This sentence fit my perfectly feelings. Thanks for having written it in a so unequivocal way! :D

  3. 3

    Pingback from Mozilla Labs » Blog Archive » Poetry and Pragmatics – the Weave version

    [...] Through the Weave project, for example, we want to reclaim the vision of the browser acting as a true user-agent on the web. We want to help broker user data in a secure and private manner. We want to build the foundational, open source building blocks upon which an entire new generation of web applications will be built. We want to enable the poetry so succinctly captured by Mitchell when she says: “I am not a number“. [...]

  4. 4

    Pingback from Poetry and Pragmatics – the Weave version | Easy Firefox

    [...] Through the Weave project, for example, we want to reclaim the vision of the browser acting as a true user-agent on the web. We want to help broker user data in a secure and private manner. We want to build the foundational, open source building blocks upon which an entire new generation of web applications will be built. We want to enable the poetry so succinctly captured by Mitchell when she says: “I am not a number“. [...]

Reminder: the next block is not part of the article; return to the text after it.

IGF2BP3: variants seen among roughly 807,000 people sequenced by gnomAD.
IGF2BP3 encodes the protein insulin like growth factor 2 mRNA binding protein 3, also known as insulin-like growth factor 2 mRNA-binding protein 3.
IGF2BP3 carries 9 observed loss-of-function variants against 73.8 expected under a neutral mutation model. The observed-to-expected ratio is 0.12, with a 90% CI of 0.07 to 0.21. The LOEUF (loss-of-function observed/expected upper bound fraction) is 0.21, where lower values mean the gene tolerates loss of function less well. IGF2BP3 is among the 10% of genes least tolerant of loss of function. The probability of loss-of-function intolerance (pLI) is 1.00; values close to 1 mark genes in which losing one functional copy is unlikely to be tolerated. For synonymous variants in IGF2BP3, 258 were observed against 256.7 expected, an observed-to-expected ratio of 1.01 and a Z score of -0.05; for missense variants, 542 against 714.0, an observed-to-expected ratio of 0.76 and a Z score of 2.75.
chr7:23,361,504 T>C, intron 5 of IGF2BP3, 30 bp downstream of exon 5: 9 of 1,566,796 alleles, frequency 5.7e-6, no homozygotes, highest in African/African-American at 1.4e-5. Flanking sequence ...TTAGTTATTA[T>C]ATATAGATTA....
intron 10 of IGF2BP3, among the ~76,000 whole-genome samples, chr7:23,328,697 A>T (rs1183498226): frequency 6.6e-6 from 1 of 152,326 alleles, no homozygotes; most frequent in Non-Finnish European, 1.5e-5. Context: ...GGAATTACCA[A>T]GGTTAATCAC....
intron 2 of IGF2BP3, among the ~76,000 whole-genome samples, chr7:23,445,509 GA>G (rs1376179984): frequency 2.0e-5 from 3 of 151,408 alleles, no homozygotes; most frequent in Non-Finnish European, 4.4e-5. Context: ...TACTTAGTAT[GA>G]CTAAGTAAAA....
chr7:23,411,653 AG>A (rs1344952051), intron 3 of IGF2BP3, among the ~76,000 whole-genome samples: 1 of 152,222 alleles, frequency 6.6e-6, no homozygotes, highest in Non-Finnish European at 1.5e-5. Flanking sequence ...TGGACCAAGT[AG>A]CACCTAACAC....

5. 5

    Cymaphore said on July 14th, 2009 at 5:24 am:

    Off-Topic here, but might be interesting for you if you don’t know already:
    http://cymaphore.net/journal/entry/9/200907141434/A%20pice%20of%20history%3A%20Mozilla%20landrush

    A pice of Mozilla History
    :-)

  6. 6

    Sundog said on July 15th, 2009 at 9:00 am:

    As something of a legacy Orwellian, I have to admit to maintaining deep reservations about the juggernaut of what might best be considered the Cult of Profiling. From the nuisances of Amazon’s ‘may we suggest…’ (I ordered the film ‘Mildred Pierce’ because it’s a Noir, not because of Joan Crawford or that it’s a post-war ‘women’s film’) to Google’s comprehensive database collected on each of my identities (exactly what information are they gathering – and where does this information go?), I not only find myself quite naked when surfing, It’s also apparent that most profilers are busy defining my personality for me . In psychological terms this would be termed projection. Which, more often than not, serves the projector’s interests far better than those of the projectee.